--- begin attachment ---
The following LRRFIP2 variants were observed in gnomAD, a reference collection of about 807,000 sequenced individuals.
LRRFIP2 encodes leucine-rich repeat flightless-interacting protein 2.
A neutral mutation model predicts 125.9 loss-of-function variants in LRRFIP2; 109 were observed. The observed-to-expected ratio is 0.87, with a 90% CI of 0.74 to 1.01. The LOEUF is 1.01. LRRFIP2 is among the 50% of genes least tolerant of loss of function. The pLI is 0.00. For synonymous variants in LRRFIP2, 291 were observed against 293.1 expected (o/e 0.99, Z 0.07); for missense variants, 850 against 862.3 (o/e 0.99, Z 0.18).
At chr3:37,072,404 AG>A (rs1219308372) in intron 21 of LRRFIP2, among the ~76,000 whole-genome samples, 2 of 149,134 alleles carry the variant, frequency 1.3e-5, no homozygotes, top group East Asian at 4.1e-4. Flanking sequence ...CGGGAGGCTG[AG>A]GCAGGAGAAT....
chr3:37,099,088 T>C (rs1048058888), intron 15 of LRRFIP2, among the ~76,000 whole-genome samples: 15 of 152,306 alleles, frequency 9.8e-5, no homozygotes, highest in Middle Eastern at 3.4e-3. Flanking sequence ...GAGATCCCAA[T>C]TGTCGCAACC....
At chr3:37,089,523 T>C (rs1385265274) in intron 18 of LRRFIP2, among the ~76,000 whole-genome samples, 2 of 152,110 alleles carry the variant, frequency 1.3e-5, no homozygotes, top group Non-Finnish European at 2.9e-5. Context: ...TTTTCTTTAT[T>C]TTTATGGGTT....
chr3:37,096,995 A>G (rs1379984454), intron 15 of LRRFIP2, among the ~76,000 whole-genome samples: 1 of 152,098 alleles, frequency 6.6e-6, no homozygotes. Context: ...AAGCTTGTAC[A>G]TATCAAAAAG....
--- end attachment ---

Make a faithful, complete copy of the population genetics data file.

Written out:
The following LRRFIP2 variants were observed in gnomAD, a reference collection of about 807,000 sequenced individuals.
LRRFIP2 encodes leucine-rich repeat flightless-interacting protein 2.
A neutral mutation model predicts 125.9 loss-of-function variants in LRRFIP2; 109 were observed. The observed-to-expected ratio is 0.87, with a 90% CI of 0.74 to 1.01. The LOEUF is 1.01. LRRFIP2 is among the 50% of genes least tolerant of loss of function. The pLI is 0.00. For synonymous variants in LRRFIP2, 291 were observed against 293.1 expected (o/e 0.99, Z 0.07); for missense variants, 850 against 862.3 (o/e 0.99, Z 0.18).
At chr3:37,072,404 AG>A (rs1219308372) in intron 21 of LRRFIP2, among the ~76,000 whole-genome samples, 2 of 149,134 alleles carry the variant, frequency 1.3e-5, no homozygotes, top group East Asian at 4.1e-4. Flanking sequence ...CGGGAGGCTG[AG>A]GCAGGAGAAT....
chr3:37,099,088 T>C (rs1048058888), intron 15 of LRRFIP2, among the ~76,000 whole-genome samples: 15 of 152,306 alleles, frequency 9.8e-5, no homozygotes, highest in Middle Eastern at 3.4e-3. Flanking sequence ...GAGATCCCAA[T>C]TGTCGCAACC....
At chr3:37,089,523 T>C (rs1385265274) in intron 18 of LRRFIP2, among the ~76,000 whole-genome samples, 2 of 152,110 alleles carry the variant, frequency 1.3e-5, no homozygotes, top group Non-Finnish European at 2.9e-5. Context: ...TTTTCTTTAT[T>C]TTTATGGGTT....
chr3:37,096,995 A>G (rs1379984454), intron 15 of LRRFIP2, among the ~76,000 whole-genome samples: 1 of 152,098 alleles, frequency 6.6e-6, no homozygotes. Context: ...AAGCTTGTAC[A>G]TATCAAAAAG....